by Paul R. Spitzzeri
There are quite a few historic photographs taken of the area where Hill and Third streets meet in the Bunker Hill neighborhood of downtown Los Angeles and this is mainly because of the presence of the Angels Flight funicular railway, which opened to the public on the last day of 1901. A couple of photos from the Homestead’s holdings have appeared on this blog showing the attraction, which was moved half-block to the south and where it remains today, though it is now closed for roof restoration on both of the cars.
The featured artifact for this post from the Museum’s collection is a 1915 snapshot taken right at the intersection and it shows the railway at the left with one car at the bottom and the other toward the top, but also two gents in a convertible heading into the 3rd Street Tunnel, which was highlighted in a prior post here. A horse-drawn conveyance waits for the car to pass before making its way south on Hill and there are some pedestrians scattered throughout the view.
As for some of the structures partially visible, there is a mix of commercial and residential specimens, including a hotel, an apartment building, and the Elks lodge at the top of Bunker Hill on Grand Avenue, where the Crocker house prominently stood in another photo from the Museum’s collection. What will be the focus here, however, is the three-story building at the right side of the image on what was the northwest corner. The structure had a hotel, known at one time as the “Hotel Guiles,” on its upper floors, while the street level contained the “Vegetarian Cafeteria,” one of the first vegetarian restaurants in the Angel City.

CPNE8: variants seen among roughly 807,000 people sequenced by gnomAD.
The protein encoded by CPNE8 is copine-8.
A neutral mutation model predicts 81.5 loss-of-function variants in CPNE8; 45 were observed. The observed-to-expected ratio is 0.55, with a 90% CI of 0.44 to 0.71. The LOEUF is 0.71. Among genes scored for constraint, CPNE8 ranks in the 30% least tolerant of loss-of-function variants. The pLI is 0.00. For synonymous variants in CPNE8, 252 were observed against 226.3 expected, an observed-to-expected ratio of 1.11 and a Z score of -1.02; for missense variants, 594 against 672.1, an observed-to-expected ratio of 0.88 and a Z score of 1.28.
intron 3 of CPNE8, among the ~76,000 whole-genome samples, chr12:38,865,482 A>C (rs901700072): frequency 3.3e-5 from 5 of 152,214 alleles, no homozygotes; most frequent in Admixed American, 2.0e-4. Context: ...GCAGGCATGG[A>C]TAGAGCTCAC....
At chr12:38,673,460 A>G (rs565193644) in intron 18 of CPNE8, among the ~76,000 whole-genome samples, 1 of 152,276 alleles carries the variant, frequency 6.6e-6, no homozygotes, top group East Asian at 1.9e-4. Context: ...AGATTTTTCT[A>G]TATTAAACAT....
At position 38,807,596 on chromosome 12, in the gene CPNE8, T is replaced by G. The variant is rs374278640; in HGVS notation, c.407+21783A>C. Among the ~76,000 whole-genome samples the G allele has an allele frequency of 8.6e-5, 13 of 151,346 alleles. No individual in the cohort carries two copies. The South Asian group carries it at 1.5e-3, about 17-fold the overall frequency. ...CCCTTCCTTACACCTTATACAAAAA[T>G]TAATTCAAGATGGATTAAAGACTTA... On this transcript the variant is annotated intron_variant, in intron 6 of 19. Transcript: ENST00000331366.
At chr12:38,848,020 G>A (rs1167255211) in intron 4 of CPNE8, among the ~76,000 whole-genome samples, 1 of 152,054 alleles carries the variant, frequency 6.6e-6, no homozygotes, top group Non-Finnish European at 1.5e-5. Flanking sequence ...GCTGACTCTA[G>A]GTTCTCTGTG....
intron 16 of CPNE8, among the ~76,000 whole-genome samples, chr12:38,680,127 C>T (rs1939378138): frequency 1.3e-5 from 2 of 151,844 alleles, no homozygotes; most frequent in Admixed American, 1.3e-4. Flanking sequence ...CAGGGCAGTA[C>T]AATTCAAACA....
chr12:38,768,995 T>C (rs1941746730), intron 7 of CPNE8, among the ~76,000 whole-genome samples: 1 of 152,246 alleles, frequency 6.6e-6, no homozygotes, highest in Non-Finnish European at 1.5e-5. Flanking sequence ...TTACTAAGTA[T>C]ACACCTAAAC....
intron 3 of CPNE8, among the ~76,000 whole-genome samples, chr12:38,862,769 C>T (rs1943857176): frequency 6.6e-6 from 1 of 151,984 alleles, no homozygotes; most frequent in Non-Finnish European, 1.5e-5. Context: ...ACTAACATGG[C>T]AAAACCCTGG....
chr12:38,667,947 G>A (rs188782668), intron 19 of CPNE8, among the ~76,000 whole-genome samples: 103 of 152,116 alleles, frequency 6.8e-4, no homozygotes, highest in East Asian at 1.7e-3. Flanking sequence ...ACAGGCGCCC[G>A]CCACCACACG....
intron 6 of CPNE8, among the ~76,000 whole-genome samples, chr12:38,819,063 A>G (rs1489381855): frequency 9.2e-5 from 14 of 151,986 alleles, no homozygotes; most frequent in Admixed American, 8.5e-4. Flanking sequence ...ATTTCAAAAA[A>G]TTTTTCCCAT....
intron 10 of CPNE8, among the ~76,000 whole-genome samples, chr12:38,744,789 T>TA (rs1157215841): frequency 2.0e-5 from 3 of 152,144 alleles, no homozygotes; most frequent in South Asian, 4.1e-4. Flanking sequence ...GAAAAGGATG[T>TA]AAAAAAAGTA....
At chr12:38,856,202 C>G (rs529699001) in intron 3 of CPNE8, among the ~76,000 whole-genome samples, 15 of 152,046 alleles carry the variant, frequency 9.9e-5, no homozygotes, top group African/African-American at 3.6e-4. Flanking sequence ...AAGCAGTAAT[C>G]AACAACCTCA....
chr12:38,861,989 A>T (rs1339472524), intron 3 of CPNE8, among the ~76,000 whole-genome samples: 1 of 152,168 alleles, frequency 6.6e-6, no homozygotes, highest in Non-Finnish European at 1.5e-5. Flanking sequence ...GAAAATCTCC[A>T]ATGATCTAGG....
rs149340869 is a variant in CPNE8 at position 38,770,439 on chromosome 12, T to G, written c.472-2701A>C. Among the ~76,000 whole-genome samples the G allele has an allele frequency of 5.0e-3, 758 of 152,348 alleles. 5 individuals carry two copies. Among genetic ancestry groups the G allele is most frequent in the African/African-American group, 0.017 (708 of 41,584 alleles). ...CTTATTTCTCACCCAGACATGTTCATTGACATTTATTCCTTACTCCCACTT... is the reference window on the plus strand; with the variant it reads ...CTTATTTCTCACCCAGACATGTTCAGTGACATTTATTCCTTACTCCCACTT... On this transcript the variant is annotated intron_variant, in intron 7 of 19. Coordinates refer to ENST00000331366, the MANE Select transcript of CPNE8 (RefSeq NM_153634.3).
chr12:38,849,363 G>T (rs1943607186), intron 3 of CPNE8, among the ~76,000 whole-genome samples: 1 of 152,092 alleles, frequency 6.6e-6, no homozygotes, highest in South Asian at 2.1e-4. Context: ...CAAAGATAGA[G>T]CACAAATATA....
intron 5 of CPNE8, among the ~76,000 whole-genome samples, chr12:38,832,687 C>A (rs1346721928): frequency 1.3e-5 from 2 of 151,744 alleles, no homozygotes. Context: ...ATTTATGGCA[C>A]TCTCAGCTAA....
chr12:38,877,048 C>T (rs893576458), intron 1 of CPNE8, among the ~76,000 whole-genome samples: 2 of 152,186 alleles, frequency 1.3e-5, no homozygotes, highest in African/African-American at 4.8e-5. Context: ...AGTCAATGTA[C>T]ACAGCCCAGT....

At the time, for many people, vegetarianism smacked of extremism and was often linked to left-wing politics while its practitioners were often considered eccentric and removed from the mainstream. Yet, there was a small, but growing, movement perhaps best known in the era for the proselytizing done by the Kellogg brothers, cereal titan Will K. (also later owner of a horse ranch that was donated to be the site of Cal Poly Pomona) and his brother Dr. John H., whose sanitarium at Battle Creek, Michigan, headquarters of the cereal company, bred the Battle Creek diet system.
That movement spread throughout the nation and at the dusk of the 19th century reached the Angel City in the form of the opening of a “first-class” vegetarian restaurant. This was part of the Los Angeles Sanitarium opened just east of this intersection on the north side of Hill and still another post from this blog touched upon that institution.
It should also be noted that the Kelloggs were members of the Seventh Day Adventist Church and the connection between the church and the gospel of healthy eating along with preventive medicine was also essential in the development of the sanitarium and the vegetarian restaurant movement in Los Angeles as one century receded and other ascended.
The 7 January 1900 edition of the Los Angeles Times, which tended to mock and be critical of vegetarianism, reported: